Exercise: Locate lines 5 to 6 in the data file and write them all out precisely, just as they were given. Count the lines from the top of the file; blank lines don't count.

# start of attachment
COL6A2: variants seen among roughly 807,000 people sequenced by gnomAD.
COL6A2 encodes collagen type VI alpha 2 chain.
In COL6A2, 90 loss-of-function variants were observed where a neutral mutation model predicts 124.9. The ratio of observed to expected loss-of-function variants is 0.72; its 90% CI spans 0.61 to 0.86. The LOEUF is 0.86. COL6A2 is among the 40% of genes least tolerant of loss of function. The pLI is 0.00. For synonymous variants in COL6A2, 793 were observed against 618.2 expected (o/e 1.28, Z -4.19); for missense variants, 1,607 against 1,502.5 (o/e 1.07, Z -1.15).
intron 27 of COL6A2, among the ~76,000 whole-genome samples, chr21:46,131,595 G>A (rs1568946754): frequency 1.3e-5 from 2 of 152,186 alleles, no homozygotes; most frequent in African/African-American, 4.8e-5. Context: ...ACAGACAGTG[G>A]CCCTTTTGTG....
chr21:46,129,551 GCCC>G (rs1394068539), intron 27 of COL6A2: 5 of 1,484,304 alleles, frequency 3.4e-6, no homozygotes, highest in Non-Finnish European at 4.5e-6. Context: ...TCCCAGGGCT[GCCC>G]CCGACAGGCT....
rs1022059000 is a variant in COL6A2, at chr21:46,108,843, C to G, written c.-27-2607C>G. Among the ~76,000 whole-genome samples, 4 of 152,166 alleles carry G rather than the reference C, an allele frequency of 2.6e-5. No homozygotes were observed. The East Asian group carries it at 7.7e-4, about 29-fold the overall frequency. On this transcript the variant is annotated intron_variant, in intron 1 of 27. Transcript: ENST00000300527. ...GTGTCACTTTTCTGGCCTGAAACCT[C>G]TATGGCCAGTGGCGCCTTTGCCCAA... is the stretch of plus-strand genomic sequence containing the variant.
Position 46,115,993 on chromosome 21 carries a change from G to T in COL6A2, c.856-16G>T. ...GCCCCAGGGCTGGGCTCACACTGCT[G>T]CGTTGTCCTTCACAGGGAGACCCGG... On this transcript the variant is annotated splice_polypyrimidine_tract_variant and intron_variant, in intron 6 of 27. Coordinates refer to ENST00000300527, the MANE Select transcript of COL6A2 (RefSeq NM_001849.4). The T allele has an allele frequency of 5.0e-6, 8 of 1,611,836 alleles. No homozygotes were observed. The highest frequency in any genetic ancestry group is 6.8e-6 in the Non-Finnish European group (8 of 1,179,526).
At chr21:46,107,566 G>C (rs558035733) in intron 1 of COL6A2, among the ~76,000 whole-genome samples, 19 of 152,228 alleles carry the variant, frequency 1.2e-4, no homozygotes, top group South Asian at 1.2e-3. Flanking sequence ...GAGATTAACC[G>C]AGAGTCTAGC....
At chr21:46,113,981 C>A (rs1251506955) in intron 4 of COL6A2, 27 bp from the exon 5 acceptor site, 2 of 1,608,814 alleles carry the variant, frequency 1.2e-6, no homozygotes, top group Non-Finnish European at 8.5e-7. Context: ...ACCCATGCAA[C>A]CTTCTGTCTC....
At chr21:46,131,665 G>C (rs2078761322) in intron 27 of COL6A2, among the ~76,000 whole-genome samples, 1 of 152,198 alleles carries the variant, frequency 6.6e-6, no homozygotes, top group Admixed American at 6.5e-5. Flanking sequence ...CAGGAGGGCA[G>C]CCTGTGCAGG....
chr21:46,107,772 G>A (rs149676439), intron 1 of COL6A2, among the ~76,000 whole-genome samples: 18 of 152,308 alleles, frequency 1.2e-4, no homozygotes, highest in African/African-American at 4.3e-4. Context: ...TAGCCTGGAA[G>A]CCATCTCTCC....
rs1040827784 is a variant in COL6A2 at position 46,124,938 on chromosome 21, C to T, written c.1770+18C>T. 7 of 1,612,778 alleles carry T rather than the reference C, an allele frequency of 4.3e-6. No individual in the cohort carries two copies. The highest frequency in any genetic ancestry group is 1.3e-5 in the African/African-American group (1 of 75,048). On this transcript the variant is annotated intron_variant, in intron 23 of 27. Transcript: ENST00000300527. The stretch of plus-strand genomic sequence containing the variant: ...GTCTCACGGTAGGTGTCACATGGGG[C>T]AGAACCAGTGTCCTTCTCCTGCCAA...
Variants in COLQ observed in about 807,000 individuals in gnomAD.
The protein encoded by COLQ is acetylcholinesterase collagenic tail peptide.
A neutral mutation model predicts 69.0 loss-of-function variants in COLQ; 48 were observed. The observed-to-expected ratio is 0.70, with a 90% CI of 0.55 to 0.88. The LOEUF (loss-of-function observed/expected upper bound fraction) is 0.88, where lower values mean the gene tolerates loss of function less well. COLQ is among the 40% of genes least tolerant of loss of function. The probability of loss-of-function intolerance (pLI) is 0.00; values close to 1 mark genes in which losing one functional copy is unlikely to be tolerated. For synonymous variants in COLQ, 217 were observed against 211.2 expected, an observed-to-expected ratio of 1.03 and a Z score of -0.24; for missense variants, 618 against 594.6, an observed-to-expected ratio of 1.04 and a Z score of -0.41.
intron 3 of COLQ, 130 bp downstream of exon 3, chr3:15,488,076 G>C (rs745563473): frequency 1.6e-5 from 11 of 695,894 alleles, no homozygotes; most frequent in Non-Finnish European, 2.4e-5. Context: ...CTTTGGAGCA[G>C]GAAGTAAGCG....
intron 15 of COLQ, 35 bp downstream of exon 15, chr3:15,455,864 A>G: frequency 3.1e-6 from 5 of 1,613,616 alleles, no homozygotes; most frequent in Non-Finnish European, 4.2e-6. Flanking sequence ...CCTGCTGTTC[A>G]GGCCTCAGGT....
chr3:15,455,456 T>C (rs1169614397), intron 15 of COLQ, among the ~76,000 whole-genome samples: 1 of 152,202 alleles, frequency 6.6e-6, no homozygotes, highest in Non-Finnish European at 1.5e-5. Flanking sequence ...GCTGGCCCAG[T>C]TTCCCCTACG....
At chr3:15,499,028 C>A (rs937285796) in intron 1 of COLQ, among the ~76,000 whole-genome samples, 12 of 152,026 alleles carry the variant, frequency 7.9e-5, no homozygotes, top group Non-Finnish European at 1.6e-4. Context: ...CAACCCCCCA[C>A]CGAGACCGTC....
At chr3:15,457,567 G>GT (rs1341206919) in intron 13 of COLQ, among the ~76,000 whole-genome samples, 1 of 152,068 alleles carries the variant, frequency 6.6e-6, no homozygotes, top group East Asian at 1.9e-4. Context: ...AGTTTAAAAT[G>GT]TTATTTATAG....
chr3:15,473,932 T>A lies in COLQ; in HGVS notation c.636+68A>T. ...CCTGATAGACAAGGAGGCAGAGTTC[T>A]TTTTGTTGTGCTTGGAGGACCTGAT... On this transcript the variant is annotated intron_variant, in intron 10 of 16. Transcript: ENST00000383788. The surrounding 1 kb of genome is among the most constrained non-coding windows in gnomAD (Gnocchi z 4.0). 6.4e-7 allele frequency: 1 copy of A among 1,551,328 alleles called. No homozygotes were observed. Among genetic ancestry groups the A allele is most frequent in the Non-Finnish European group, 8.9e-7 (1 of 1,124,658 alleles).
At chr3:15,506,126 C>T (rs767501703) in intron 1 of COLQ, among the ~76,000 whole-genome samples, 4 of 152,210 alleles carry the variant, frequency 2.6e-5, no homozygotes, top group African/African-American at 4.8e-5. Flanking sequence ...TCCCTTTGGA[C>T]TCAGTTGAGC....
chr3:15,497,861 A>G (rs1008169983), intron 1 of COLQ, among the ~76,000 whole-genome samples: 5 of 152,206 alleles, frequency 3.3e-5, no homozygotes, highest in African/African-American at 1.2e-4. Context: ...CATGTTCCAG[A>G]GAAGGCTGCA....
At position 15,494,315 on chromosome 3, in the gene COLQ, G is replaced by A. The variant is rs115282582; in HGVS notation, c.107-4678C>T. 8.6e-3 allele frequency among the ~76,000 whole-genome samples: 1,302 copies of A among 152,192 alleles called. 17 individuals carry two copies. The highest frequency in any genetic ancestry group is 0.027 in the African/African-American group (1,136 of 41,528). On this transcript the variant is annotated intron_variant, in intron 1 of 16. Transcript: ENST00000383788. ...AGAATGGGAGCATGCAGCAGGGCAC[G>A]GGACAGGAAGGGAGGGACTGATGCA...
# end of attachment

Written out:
chr21:46,129,551 GCCC>G (rs1394068539), intron 27 of COL6A2: 5 of 1,484,304 alleles, frequency 3.4e-6, no homozygotes, highest in Non-Finnish European at 4.5e-6. Context: ...TCCCAGGGCT[GCCC>G]CCGACAGGCT....
rs1022059000 is a variant in COL6A2, at chr21:46,108,843, C to G, written c.-27-2607C>G. Among the ~76,000 whole-genome samples, 4 of 152,166 alleles carry G rather than the reference C, an allele frequency of 2.6e-5. No homozygotes were observed. The East Asian group carries it at 7.7e-4, about 29-fold the overall frequency. On this transcript the variant is annotated intron_variant, in intron 1 of 27. Transcript: ENST00000300527. ...GTGTCACTTTTCTGGCCTGAAACCT[C>G]TATGGCCAGTGGCGCCTTTGCCCAA... is the stretch of plus-strand genomic sequence containing the variant.